Thursday, 30 January 2014

A sunny interval

One side-effect of this miserably dull January is that on the rare occasions when the sun does make an appearance, I am astonished to see how high in the sky it has already climbed and how rapidly the days are now lengthening. Last weekend, we enjoyed a brief sunny hour or two and ran around with the camera, revelling in the quality of the light; all the more striking in contrast with the prevailing gloom. Oh, and a Song Thrush was singing at dawn this morning; our first of the year at home, although they seem to have been singing for weeks in more built-up areas, stimulated by the artificial light and warmth. But back to plants. Here are some that caught my eye in the sun on...Sunday!

Bergenia purpurascens 'Irish Crimson'
Daphne bholua 'Jacqueline Postill'
Fatsia polycarpa
Fatsia polycarpa close-up of flower buds
Salix alba var. vitellina 'Britzensis' and snowdrops
Prunus x subhirtella 'Autumnalis Rosea'
Prunus x subhirtella 'Autumnalis Rosea' close-up of flowers
Schefflera rhododendrifolia
Narcissus 'Rijnveld's Early Sensation'

And I even did a bit of gardening; namely tying-in of autumn-fruiting raspberry canes. I know you're supposed to cut them all down to the ground in winter, but I find that if I keep the canes that grew last year, side-shoots grow away strongly in the spring and I get a summer crop as well as the later autumn crop on the brand new canes that only begin growing this year.

Monday, 27 January 2014

Snowdrops & Hellebores

Common snowdrop Galanthus nivalis – elegant simplicity
That wonderful late-winter duet performed by snowdrops and hellebores is rapidly approaching its peak, some two to three weeks ahead of average, in response to the damp squib of a 'winter' that we have squelched our way through so far. The greyness of the past few weeks makes the flowering of these beautiful stalwarts all the more cheering and I grab every chance I can to inspect the developing display.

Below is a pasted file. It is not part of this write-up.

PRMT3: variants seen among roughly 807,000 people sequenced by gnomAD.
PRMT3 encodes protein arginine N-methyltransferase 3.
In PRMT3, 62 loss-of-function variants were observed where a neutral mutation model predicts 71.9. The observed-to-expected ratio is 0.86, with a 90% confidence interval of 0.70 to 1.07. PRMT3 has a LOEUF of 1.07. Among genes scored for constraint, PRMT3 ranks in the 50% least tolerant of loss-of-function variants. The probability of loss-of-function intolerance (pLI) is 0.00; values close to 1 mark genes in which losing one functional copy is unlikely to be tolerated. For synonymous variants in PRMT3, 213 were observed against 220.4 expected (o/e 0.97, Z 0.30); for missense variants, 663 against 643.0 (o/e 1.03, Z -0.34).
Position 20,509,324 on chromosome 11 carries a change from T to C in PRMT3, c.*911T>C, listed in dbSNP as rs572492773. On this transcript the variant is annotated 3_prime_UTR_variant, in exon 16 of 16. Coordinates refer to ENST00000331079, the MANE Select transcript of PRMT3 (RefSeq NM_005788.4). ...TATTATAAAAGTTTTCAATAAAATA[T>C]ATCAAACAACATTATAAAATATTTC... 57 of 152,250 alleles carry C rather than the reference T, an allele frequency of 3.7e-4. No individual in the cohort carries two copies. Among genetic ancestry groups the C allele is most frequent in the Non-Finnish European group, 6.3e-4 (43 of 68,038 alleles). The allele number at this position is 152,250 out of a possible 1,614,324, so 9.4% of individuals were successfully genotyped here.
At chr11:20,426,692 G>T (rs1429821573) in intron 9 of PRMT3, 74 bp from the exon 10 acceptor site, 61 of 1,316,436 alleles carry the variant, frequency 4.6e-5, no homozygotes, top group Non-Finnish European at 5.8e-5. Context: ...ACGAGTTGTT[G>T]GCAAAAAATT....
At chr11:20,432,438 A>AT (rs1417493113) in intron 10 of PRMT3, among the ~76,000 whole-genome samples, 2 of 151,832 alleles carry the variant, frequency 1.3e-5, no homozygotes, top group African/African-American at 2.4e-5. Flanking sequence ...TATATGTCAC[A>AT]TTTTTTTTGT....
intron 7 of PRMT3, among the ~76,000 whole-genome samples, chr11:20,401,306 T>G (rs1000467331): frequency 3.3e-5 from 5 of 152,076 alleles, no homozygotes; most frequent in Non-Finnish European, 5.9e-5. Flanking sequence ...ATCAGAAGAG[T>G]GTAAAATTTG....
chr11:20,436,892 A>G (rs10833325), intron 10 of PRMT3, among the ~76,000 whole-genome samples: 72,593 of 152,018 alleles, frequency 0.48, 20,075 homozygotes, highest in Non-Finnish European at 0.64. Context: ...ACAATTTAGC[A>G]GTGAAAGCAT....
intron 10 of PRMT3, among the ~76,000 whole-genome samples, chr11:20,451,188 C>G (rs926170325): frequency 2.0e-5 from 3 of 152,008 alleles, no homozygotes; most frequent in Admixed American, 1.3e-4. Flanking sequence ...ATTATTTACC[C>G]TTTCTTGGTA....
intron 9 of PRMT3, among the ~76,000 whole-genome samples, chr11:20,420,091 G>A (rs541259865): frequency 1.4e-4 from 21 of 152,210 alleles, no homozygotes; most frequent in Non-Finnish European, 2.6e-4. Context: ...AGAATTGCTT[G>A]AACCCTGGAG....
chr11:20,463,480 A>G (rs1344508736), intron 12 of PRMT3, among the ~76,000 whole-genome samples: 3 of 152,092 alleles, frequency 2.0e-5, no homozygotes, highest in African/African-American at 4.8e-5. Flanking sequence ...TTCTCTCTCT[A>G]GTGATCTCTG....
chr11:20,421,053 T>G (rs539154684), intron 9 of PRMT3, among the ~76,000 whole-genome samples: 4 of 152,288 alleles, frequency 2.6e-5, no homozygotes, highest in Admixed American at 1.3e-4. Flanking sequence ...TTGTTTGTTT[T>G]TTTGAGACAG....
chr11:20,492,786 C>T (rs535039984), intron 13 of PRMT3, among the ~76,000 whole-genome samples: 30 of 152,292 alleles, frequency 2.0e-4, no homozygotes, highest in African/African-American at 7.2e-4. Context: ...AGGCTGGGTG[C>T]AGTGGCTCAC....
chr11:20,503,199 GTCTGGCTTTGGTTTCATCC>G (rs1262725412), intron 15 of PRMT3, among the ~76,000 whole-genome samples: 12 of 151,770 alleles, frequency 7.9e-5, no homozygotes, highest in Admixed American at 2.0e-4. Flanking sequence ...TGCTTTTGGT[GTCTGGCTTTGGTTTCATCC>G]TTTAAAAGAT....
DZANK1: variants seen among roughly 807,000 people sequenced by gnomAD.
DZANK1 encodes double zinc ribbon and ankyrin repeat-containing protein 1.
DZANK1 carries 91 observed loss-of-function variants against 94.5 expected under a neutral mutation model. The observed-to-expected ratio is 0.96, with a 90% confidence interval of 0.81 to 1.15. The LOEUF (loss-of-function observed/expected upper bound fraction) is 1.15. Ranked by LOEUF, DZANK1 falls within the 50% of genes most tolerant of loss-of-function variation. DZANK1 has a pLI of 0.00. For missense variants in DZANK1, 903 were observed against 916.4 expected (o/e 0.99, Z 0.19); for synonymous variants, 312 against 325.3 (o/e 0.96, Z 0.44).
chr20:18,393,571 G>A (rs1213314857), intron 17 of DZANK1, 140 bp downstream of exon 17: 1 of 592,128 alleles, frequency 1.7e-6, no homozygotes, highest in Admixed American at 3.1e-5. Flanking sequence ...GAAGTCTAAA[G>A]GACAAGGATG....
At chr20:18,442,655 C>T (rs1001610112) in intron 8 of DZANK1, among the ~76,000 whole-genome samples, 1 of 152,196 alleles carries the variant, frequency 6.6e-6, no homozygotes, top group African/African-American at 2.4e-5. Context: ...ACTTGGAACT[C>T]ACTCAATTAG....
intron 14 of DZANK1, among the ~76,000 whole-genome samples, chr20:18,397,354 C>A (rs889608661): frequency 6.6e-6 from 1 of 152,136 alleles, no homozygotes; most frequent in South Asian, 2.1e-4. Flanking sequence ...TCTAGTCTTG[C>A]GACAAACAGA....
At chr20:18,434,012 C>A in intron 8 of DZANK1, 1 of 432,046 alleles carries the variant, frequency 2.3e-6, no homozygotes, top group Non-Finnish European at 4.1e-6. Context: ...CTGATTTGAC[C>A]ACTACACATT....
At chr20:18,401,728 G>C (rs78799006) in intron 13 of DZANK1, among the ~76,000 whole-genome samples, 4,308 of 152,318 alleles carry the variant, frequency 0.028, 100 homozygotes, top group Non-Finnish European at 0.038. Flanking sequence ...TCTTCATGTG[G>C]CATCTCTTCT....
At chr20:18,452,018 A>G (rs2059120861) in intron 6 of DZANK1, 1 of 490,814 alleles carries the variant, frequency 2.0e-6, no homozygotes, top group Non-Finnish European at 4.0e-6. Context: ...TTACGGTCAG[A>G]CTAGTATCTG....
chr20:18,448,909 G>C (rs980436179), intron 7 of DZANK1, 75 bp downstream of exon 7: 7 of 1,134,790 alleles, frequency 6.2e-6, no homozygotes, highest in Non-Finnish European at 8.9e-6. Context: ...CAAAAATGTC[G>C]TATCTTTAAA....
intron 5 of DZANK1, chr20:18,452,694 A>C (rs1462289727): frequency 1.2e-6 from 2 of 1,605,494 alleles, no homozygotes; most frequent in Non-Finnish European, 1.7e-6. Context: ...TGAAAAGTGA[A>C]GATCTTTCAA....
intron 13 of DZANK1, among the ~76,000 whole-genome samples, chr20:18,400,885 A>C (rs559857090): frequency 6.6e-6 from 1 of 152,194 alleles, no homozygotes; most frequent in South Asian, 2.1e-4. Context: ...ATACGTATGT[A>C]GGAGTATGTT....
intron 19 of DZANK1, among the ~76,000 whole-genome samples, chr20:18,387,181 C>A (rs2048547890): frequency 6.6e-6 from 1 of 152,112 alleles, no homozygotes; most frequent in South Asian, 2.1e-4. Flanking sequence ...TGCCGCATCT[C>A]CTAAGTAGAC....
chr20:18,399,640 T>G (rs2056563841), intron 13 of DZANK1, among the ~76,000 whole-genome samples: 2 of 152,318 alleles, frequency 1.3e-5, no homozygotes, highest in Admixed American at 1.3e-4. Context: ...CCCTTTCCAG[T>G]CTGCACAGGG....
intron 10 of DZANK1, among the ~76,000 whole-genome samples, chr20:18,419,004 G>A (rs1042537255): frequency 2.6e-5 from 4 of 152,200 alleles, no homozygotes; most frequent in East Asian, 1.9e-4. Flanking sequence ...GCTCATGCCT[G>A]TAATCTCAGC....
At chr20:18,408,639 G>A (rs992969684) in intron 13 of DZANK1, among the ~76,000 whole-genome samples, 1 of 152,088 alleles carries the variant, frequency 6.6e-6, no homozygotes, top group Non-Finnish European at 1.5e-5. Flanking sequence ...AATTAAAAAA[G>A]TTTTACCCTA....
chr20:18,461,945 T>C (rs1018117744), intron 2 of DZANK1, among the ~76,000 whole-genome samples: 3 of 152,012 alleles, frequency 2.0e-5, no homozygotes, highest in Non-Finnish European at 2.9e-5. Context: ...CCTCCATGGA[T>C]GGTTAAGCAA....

While our earliest snowdrop varieties flowered in November, now the main cast is performing, with maybe 30 cultivars already in flower and many more just about to start. For the last two years, at least, more than 90% of our hellebore flowers were lost to mice and voles, which devoured the fat buds, still held close to the ground – an irresistibly tempting meal in harsh conditions. This year, the buds have gone un-nibbled and most are now lifted well-clear of the ground and about to open – if not already in full flower.

With so many good garden snowdrops and hellebores being hybrids, the range of forms and precociousness of flowering are a reflection of the genetic contributions made by the various wild species that have gone into the mix – sometimes by chance, other times with a guiding hand (perhaps clutching a small pollen-dabbed brush?) from a gardener or nurseryman. These are just some of my favourites, photographed on 25 January. The hellebores are all Helleborus x hybridus, many originating from John Massey's extraordinary breeding programme at Ashwood Nurseries.

G. 'Atkinsii' –  from Painswick Rococco Garden; early and dependable
G. 'Desdemona' – a tall double raised in Norfolk by Heyrick Greatorex
G. 'Trumps'  – vigorous with pagoda-shaped flowers
G. 'Sutton Courtenay' – narrow glaucous leaves and lime-green ovaries
G. 'Magnet' – rapidly builds up strong clumps of long-pedicelled flowers
G. 'Ding Dong' – from Avon Bulbs. Are you old enough to remember the ad?

Not a frog in sight!